Basic Biographical Details
|Name: ||Hugh Stewart |
|Designation: ||Architect |
|Born: ||c. 1877 |
|Died: ||c. 1927 |
|Bio Notes: ||Hugh Stewart was born in 1876 and articled to Reid & Wittet of Elgin in 1893. He completed his articles at the end of 1896 and moved to Edinburgh to work as assistant to Rowand Anderson from 1897 to the earlier part of 1899, returning to Wittet as an assistant in the latter year, remaining until the end of 1900. In 1901 he moved to London as an assistant to Banister Fletcher & Sons, transferring to the office of Stevenson & Redfern where he remained from 1902-06, then to that of Francis W Troup (1907). Later that year hemoved to work with the metalwork sculptor Sir William Reynolds-Stephens, presumably to help with the architectural aspects of work on which he was then engaged. In 1908 he moved finally to the practice of Ernest Henry Abbott, also of London, at 6 Warwick Court, Gray's Inn. He was still there when he was admitted LRIBA on 20 March 1911, his proposers being Troup, Harry Redfern and Banister Flight Fletcher. |
There is a conflict of information in the details of where and when he worked in London. The Dictionary of Architects in Canada gives the following information based his application to , Archirectural Institute of British Columbia, 8 Sept. 1920: 'He articled in the office of Sir Rowand Anderson... from 1897 to 1900, then moved to London where he obtained a position as assistant to Sir Banister Fletcher (in 1901-02), with Gibson & Wallace (1902), with Francis W. Troup, FRIBA (in 1902-03), and with Stevenson & Redfern (1904-05), and later with Harry Redfern (in 1907-10)'.
Stewart emigrated to Canada sailing on 10 January 1913 and settled at Moose Jaw, Sask where he quickly found a position as an assistant to Richard G. Bunyard. In March 1913 they formed a partnership.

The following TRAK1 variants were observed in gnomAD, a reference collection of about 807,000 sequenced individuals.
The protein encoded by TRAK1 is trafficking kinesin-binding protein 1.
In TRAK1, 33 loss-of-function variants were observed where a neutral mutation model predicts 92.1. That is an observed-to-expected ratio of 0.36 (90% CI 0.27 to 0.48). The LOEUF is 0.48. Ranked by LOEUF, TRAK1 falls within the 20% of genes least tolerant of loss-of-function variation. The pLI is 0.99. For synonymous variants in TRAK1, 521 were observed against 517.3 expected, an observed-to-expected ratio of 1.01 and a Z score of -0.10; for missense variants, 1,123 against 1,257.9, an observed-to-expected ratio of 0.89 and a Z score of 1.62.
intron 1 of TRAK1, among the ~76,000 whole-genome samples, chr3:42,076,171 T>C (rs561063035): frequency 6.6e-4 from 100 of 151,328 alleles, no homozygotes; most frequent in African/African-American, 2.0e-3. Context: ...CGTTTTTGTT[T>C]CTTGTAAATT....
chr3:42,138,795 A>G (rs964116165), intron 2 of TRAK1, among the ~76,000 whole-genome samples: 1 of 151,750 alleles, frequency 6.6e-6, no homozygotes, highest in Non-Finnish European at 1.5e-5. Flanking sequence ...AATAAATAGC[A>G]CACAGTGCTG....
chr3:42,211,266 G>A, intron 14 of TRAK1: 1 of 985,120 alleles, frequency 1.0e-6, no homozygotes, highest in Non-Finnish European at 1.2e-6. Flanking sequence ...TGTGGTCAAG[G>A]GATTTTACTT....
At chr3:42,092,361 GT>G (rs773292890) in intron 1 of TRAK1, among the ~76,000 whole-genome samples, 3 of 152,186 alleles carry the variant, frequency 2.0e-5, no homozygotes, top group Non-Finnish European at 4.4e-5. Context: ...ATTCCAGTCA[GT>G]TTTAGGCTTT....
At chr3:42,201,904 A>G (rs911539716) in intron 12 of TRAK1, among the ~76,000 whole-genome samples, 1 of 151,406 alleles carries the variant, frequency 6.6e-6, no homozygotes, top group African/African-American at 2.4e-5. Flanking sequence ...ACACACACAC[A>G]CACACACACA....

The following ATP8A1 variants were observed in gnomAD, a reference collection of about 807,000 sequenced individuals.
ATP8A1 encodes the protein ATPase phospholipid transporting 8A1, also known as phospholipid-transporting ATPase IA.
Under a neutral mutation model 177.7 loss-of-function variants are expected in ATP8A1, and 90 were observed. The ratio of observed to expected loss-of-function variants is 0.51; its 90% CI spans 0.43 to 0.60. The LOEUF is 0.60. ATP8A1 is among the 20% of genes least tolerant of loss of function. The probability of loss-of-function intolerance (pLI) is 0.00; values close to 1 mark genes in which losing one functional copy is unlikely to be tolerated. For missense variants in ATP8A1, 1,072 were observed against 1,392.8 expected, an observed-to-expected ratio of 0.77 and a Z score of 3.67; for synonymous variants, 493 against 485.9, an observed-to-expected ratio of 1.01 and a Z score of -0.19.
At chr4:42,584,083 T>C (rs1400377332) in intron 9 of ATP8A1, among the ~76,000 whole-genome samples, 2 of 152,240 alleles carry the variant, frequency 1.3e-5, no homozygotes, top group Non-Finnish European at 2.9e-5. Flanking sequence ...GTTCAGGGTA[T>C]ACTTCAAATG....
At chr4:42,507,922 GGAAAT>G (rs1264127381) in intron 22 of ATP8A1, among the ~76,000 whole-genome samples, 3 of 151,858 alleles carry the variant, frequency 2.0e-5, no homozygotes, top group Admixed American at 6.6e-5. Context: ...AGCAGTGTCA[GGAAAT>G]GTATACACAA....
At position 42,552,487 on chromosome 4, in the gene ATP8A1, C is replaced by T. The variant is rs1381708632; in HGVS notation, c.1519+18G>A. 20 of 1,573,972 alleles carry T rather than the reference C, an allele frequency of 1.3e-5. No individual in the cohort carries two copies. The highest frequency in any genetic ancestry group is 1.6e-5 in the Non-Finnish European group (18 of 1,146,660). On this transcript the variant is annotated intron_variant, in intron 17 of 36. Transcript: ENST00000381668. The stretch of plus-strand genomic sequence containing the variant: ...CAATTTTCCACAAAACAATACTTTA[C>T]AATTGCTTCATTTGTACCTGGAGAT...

Stewart died about 1927.
Private and Business Addresses
|The following private or business addresses are associated with this architect:|
| ||Address||Type||Date from||Date to||Notes|
|7, Regent Sqaure, St Pancras, London, England||Private||1901|| ||As boarder in this house|
|47, Artesian Road, London, England||Private||1911 *|| || |
* earliest date known from documented sources.
Employment and Training
Buildings and Designs
|This architect was involved with the following buildings or structures from the date specified (click on an item to view details):|
| ||Date started||Building name||Town, district or village||Island||City or county||Country||Notes|
|1893||Parish Offices||Elgin|| ||Morayshire||Scotland||As apprentice to A & W Reid & Wittet|
|1897||Glencoe House||Glencoe|| ||Inverness-shire||Scotland||As assistant to Robert Rowand Anderson|
|1897||Pollokshaws Burgh Hall||Pollokshaws|| ||Glasgow||Scotland||As assistant to Robert Rowand Anderson|
|1898||Nathaniel Stevenson Memorial Free Church||Belmont|| ||Glasgow||Scotland||As assistant to Stevenson & Redfern|
|1902||Free Church||Stirling|| ||Stirlingshire||Scotland||As assistant to Stevenson & Redfern|
|The following books contain references to this architect:|
|British Architectural Library, RIBA||2001||Directory of British Architects 1834-1914|| || || |
|http://dictionaryofarchitectsincanada.org/|| ||http://dictionaryofarchitectsincanada.org/|| || ||Information per Robert Hill|
|The following archives hold material relating to this architect:|
| ||Source||Archive Name||Source Catalogue No.||Notes|
|RIBA Archive, Victoria & Albert Museum||RIBA Nomination Papers|| ||L v15 no1025|